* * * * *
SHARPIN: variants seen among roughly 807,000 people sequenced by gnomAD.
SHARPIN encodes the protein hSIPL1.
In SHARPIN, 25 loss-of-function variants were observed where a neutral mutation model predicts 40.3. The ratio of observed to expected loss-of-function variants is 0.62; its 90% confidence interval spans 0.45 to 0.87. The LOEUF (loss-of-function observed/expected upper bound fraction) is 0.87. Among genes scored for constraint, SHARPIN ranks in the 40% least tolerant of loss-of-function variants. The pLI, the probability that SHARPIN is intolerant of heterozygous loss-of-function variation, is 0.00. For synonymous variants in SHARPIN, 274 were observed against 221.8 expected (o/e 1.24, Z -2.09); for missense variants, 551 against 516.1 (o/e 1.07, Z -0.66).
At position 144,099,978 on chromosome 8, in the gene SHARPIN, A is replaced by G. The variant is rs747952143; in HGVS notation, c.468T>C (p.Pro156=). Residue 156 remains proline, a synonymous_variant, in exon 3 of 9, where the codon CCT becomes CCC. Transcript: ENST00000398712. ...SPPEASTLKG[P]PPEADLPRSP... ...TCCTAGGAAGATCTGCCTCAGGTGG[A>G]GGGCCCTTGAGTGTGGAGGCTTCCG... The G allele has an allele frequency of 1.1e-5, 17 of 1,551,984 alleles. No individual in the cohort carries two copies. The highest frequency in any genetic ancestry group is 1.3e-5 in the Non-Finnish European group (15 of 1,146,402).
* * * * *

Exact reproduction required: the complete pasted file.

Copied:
SHARPIN: variants seen among roughly 807,000 people sequenced by gnomAD.
SHARPIN encodes the protein hSIPL1.
In SHARPIN, 25 loss-of-function variants were observed where a neutral mutation model predicts 40.3. The ratio of observed to expected loss-of-function variants is 0.62; its 90% confidence interval spans 0.45 to 0.87. The LOEUF (loss-of-function observed/expected upper bound fraction) is 0.87. Among genes scored for constraint, SHARPIN ranks in the 40% least tolerant of loss-of-function variants. The pLI, the probability that SHARPIN is intolerant of heterozygous loss-of-function variation, is 0.00. For synonymous variants in SHARPIN, 274 were observed against 221.8 expected (o/e 1.24, Z -2.09); for missense variants, 551 against 516.1 (o/e 1.07, Z -0.66).
At position 144,099,978 on chromosome 8, in the gene SHARPIN, A is replaced by G. The variant is rs747952143; in HGVS notation, c.468T>C (p.Pro156=). Residue 156 remains proline, a synonymous_variant, in exon 3 of 9, where the codon CCT becomes CCC. Transcript: ENST00000398712. ...SPPEASTLKG[P]PPEADLPRSP... ...TCCTAGGAAGATCTGCCTCAGGTGG[A>G]GGGCCCTTGAGTGTGGAGGCTTCCG... The G allele has an allele frequency of 1.1e-5, 17 of 1,551,984 alleles. No individual in the cohort carries two copies. The highest frequency in any genetic ancestry group is 1.3e-5 in the Non-Finnish European group (15 of 1,146,402).